The Relationship Between TBI and Early DementiaJanuary 27, 2017
Dementia is a medical term used to identify a decrease in mental ability and which interferes with a person´s ability to perform daily activities and to function independently. Contrary to what some may think, dementia is not a specific disease. Rather, it is a generic term used to describe a wide variety of symptoms associated with a declined memory or a decrease in cognitive skills. The most common example of dementia is Alzheimer’s disease which represents up to 80% of dementia-related cases. Less common cases include vascular dementia, which can be the result of a stroke or thyroid problems.
Considering that this medical condition shares some of the most TBI-related symptoms, it is only fair to wonder if there is a connection between TBI and dementia. All forms of TBI (e.g. mild, moderate, or severe) can lead to a decline of memory and cognitive skills. Additionally, there are other symptoms that are shared by both conditions such as loss of ability to concentrate, to retain new information, to pay attention, to plan activities, etc.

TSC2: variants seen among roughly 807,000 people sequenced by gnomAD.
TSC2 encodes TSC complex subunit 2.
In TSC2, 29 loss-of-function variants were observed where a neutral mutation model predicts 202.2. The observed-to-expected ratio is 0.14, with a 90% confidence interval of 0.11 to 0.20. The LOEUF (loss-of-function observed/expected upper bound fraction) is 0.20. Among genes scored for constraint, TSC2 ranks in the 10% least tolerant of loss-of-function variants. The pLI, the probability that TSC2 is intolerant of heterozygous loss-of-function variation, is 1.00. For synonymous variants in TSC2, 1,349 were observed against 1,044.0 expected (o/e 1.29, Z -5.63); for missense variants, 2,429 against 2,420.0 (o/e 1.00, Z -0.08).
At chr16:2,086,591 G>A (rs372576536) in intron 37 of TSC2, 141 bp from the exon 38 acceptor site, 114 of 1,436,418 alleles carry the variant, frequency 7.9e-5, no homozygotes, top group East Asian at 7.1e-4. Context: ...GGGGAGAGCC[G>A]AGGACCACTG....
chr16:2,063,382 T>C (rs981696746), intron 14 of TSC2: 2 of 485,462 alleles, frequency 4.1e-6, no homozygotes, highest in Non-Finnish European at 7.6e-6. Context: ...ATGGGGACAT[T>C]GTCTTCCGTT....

Over the last 30 years there have been numerous studies conducted by scientists around the world regarding the link between TBI and dementia, the majority of which have concluded that there is in fact a connection between TBI and developing Alzheimer’s. There was one study in particular which found that people who have suffered a moderate TBI are 2.5 times more likely to develop dementia than a person without this type injury. In severe TBI cases, the estimate increases up to 4.5 times. According to these studies, there is no evidence that suffering from a mild TBI will increase the risk of developing dementia, although it is well known in the science and medical community that even a mild TBI can lead to life-changing and devastating effects.
A TBI, regardless of its form, it´s a serious health problem which often leads to numerous and severe effects, like dementia. The attorneys at the Amaro Law Firm have vast experience dealing with these type of cases, and have successfully litigated brain injury cases where the main cause of injury is somebody else´s negligence. Contact us today for a free evaluation of your case.